Engineers, clinicians join forces to earn innovation funding

Posted: August 31, 2023
collage of 4 headshots
(clockwise from top left) Parthasarathy, Malara, Higuita-Castro and Ramnath

Three engineering faculty members and the director of the Medical Modeling, Materials and Manufacturing (M4) Division have earned pilot grants from The Ohio State University Center for Medical and Engineering Innovation (CMEI) to accelerate interdisciplinary research projects.

The $35,000 pilot grants support collaborations between Ohio State researchers that initiate promising ventures at the medicine-engineering interface, involving at least one faculty member from the College of Engineering and one faculty member from a health sciences college.

“Funds will be used to assist the awardees in obtaining preliminary data that will result in a collaborative grant application for the NIH, or another agency or foundation, or lead to an entrepreneurial endpoint such as a patent,” said Dr. David Eckmann, CMEI director and a professor in the Department of Anesthesiology.

Computer Science and Engineering Professor Srinivasan Parthasarathy and Clinical Professor Rajiv Ramnath team up with Optometry Associate Professors Nathan Doble and Stacey Choi to explore application of artificial intelligence and machine learning to analysis of retinal scans. Their plan is to eliminate intermediate processing steps and markedly shorten the time required for reconstruction of retinal images critical to diagnosing various eye and central nervous system disorder.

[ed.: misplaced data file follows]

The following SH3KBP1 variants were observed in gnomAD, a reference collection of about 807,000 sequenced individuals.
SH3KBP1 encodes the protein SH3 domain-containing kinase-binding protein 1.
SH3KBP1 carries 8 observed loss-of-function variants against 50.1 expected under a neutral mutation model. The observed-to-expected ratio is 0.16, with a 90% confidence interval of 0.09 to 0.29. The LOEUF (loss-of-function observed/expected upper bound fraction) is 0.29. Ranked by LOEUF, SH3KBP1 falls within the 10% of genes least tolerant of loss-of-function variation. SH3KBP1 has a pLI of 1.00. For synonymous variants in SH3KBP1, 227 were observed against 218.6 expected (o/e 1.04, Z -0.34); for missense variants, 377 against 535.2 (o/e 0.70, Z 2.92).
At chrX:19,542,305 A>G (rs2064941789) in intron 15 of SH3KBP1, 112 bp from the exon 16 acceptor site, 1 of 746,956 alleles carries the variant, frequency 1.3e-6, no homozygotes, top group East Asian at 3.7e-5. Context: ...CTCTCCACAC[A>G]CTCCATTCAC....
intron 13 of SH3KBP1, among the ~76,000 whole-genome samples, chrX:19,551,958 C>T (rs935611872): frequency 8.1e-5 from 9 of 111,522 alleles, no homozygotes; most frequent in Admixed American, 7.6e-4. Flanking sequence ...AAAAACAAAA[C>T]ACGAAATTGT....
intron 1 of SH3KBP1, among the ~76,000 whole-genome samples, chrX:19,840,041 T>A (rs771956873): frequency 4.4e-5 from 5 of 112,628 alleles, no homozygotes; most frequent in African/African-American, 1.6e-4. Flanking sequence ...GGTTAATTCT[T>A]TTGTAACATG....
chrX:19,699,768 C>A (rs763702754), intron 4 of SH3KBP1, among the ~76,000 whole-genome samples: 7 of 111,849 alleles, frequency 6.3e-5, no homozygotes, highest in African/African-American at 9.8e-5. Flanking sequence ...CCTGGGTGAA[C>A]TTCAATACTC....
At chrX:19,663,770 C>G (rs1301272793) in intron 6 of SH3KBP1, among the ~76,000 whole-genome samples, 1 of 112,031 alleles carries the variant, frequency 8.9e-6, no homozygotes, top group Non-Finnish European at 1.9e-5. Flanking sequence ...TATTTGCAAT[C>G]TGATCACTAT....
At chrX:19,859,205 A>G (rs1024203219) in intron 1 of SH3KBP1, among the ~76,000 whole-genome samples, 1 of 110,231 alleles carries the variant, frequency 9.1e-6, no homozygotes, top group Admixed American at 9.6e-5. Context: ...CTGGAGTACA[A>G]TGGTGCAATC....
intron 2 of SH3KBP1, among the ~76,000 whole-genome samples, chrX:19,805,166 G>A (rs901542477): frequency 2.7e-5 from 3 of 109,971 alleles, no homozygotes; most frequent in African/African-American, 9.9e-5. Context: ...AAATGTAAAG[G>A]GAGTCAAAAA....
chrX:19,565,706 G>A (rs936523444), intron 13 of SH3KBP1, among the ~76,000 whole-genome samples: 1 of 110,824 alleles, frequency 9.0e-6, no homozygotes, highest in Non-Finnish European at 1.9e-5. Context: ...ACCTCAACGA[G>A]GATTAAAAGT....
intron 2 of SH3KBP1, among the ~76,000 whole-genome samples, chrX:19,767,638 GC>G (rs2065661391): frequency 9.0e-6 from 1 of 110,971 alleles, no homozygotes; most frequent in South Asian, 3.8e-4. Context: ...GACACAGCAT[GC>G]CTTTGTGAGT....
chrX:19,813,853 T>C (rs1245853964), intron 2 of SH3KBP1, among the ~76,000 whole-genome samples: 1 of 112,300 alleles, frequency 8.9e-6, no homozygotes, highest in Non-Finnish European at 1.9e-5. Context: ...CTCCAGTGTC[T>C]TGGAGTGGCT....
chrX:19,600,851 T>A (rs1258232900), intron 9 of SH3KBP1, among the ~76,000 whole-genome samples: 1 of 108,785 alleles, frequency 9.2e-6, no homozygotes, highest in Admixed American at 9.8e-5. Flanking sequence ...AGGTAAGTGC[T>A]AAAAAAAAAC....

M4 Division Director Megan Malara and Dr. Kyle VanKoevering, M4’s clinical director and an otolaryngologist, will use bioprinting and coaxial techniques to create a proof-of concept platform for vascularized printed tissue used in custom-fit bony scaffolds in head-and-neck cancer surgery. This work will provide a new pathway to eliminate the need to harvest a free-flap for surgical repair, thus reducing surgical morbidity.

Biomedical Engineering Associate Professor Natalia Higuita-Castro and Nephrology Assistant Professor Nicholas Ferrell will develop a cell-based gene delivery system for nanoengineered extracellular vesicles to target the kidney following acute injury. By preserving tissue function, this could reduce the high morbidity and mortality resulting from acute kidney injury and may become a platform for treatment of other renal disorders.

The next request for applications will be shared on the CMEI research webpage.

Article by the College of Engineering, August 30, 2023

Categories: ResearchAwards